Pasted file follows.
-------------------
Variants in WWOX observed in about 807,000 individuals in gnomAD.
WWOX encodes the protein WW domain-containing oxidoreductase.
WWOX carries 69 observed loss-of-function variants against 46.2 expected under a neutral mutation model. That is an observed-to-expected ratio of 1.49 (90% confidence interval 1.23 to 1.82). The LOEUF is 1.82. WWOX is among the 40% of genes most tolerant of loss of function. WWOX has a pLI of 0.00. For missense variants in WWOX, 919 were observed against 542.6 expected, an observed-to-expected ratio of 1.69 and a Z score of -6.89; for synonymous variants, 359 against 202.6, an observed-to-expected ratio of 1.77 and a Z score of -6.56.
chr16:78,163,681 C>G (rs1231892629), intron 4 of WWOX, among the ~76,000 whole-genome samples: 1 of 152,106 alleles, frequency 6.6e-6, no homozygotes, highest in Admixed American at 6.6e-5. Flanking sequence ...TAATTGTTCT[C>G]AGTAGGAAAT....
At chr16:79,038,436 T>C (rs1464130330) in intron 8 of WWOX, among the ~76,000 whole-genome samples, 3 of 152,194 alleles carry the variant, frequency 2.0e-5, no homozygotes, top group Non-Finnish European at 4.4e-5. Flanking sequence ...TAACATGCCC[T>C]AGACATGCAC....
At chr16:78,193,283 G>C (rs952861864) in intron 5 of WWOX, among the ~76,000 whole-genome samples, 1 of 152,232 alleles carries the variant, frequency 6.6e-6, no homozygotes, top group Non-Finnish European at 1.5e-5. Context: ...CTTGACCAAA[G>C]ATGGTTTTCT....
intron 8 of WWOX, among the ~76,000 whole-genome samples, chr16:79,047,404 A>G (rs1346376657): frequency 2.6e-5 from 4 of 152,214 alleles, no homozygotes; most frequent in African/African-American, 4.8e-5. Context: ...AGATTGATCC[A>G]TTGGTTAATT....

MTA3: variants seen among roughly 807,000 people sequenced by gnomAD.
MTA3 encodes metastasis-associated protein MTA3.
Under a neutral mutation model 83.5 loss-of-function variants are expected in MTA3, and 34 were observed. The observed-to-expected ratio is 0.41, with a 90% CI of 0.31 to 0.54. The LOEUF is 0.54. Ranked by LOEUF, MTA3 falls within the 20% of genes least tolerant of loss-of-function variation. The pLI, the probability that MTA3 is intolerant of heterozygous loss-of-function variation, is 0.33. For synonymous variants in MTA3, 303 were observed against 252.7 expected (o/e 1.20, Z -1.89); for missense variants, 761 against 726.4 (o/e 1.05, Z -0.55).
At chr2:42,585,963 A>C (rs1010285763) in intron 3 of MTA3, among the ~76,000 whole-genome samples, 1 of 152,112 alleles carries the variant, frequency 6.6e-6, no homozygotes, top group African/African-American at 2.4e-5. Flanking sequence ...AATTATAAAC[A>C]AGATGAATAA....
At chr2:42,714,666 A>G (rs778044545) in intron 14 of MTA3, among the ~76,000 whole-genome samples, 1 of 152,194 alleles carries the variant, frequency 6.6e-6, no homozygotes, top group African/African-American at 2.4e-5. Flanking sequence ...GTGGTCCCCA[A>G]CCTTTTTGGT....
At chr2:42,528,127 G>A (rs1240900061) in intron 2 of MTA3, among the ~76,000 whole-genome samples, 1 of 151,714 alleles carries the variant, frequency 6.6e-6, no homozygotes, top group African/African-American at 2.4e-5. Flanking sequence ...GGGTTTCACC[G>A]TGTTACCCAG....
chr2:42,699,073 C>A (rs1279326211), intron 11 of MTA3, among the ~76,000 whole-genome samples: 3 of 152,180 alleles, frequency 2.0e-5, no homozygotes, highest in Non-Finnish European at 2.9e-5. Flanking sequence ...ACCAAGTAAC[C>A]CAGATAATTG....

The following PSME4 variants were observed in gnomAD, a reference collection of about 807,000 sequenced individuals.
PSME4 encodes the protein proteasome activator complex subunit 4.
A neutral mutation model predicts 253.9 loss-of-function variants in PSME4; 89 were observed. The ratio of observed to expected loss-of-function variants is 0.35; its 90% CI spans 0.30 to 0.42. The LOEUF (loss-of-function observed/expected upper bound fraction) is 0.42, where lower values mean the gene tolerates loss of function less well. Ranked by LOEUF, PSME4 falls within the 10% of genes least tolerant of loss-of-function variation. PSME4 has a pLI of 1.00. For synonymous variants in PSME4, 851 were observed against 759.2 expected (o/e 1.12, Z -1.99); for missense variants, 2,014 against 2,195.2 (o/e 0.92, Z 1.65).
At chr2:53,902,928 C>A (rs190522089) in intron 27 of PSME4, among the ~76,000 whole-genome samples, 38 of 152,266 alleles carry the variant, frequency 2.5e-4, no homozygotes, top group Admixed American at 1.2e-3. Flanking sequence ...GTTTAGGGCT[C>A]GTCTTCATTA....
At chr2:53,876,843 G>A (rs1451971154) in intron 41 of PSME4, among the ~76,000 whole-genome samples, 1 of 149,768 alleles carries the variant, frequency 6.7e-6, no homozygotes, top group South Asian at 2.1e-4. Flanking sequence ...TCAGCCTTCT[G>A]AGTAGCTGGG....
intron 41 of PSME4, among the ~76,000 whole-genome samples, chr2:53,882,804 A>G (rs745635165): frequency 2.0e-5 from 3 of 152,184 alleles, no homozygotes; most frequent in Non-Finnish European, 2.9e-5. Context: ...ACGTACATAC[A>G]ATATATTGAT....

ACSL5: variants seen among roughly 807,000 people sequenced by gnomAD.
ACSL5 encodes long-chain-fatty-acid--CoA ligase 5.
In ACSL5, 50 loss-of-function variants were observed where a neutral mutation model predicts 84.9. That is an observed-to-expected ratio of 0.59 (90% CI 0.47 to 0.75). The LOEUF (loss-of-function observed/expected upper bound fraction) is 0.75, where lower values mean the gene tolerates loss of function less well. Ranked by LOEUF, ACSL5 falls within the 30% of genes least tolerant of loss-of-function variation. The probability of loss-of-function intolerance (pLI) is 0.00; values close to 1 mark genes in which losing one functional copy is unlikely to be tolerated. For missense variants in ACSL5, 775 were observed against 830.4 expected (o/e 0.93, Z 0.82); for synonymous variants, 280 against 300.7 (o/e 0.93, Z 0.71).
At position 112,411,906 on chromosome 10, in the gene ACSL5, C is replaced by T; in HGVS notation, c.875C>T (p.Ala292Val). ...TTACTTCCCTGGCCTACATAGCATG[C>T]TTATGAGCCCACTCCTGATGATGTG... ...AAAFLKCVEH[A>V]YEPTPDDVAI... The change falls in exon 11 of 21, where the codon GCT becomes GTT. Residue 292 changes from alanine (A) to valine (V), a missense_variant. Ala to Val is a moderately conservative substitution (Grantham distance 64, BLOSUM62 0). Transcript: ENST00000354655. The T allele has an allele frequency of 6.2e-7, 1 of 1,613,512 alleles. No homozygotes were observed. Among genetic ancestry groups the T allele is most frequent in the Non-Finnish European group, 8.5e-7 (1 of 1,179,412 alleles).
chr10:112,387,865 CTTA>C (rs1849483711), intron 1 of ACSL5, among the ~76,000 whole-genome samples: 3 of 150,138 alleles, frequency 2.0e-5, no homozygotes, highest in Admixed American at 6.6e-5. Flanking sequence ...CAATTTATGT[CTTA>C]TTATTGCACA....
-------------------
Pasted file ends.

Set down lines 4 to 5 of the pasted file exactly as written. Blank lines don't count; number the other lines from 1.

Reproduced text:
chr16:78,163,681 C>G (rs1231892629), intron 4 of WWOX, among the ~76,000 whole-genome samples: 1 of 152,106 alleles, frequency 6.6e-6, no homozygotes, highest in Admixed American at 6.6e-5. Flanking sequence ...TAATTGTTCT[C>G]AGTAGGAAAT....
At chr16:79,038,436 T>C (rs1464130330) in intron 8 of WWOX, among the ~76,000 whole-genome samples, 3 of 152,194 alleles carry the variant, frequency 2.0e-5, no homozygotes, top group Non-Finnish European at 4.4e-5. Flanking sequence ...TAACATGCCC[T>C]AGACATGCAC....